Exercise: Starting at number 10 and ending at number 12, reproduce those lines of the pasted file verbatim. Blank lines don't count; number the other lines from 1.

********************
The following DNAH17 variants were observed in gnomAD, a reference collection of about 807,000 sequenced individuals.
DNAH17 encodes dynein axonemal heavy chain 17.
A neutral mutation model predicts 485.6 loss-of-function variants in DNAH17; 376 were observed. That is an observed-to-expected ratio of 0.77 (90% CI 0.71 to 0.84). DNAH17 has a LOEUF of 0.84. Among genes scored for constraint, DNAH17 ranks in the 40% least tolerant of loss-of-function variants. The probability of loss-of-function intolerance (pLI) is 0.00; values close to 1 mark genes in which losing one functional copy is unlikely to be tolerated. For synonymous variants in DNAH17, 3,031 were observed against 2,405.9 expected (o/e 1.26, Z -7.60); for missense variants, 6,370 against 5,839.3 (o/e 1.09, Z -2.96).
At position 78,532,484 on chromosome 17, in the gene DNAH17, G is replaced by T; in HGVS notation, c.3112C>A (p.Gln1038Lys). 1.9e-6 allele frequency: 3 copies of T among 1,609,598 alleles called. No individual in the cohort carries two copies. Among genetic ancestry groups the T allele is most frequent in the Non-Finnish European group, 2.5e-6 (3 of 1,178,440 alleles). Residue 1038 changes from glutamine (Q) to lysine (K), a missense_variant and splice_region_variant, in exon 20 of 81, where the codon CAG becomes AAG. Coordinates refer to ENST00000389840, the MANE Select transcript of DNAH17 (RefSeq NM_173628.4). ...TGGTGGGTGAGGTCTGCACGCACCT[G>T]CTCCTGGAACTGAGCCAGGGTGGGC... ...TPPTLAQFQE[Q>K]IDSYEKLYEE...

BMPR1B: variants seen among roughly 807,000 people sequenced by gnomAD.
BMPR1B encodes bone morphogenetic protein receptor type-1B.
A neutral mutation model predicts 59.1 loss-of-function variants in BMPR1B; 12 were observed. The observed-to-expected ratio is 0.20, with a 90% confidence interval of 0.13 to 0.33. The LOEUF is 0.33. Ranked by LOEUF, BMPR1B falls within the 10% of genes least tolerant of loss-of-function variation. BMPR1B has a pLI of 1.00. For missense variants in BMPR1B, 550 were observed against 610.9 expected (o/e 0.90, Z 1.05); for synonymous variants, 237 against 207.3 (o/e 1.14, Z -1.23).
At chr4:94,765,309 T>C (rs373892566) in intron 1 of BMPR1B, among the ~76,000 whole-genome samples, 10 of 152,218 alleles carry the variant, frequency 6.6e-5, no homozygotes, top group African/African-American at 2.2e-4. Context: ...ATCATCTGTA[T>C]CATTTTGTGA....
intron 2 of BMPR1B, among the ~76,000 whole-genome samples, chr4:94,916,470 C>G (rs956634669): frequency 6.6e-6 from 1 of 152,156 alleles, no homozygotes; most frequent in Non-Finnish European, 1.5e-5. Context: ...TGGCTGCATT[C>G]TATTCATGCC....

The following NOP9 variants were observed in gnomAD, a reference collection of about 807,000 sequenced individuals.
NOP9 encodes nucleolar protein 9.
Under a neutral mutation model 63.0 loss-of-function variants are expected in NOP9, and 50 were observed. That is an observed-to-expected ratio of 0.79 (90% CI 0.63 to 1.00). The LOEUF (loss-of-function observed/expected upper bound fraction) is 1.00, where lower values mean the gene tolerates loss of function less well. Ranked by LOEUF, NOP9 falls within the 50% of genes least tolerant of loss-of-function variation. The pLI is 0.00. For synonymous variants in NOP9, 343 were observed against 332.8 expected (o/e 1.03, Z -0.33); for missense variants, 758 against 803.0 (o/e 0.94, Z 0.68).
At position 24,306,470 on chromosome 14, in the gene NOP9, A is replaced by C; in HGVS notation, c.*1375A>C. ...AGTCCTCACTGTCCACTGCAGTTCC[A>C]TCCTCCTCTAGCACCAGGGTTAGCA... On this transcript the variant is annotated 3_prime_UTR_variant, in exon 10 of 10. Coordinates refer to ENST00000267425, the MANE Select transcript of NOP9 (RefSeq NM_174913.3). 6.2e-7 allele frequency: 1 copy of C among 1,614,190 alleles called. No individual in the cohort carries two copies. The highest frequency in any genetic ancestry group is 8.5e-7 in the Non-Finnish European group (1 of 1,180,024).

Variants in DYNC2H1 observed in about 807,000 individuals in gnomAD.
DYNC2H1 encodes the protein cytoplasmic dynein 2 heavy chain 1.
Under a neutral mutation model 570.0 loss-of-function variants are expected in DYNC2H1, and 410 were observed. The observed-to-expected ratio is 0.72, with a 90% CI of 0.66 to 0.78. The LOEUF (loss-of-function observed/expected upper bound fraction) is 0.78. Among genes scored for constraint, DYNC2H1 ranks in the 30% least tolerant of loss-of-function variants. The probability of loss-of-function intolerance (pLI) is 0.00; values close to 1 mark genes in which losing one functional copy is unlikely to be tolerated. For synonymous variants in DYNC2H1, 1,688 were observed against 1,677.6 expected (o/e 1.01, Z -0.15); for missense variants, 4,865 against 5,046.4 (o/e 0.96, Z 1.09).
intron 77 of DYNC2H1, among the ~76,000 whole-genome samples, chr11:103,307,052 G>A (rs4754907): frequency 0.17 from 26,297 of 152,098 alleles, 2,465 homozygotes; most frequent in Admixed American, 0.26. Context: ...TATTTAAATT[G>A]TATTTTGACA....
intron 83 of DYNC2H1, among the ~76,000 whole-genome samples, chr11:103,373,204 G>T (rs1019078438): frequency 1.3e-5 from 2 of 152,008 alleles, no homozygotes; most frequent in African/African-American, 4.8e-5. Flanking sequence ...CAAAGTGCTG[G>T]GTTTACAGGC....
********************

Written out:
The following NOP9 variants were observed in gnomAD, a reference collection of about 807,000 sequenced individuals.
NOP9 encodes nucleolar protein 9.
Under a neutral mutation model 63.0 loss-of-function variants are expected in NOP9, and 50 were observed. That is an observed-to-expected ratio of 0.79 (90% CI 0.63 to 1.00). The LOEUF (loss-of-function observed/expected upper bound fraction) is 1.00, where lower values mean the gene tolerates loss of function less well. Ranked by LOEUF, NOP9 falls within the 50% of genes least tolerant of loss-of-function variation. The pLI is 0.00. For synonymous variants in NOP9, 343 were observed against 332.8 expected (o/e 1.03, Z -0.33); for missense variants, 758 against 803.0 (o/e 0.94, Z 0.68).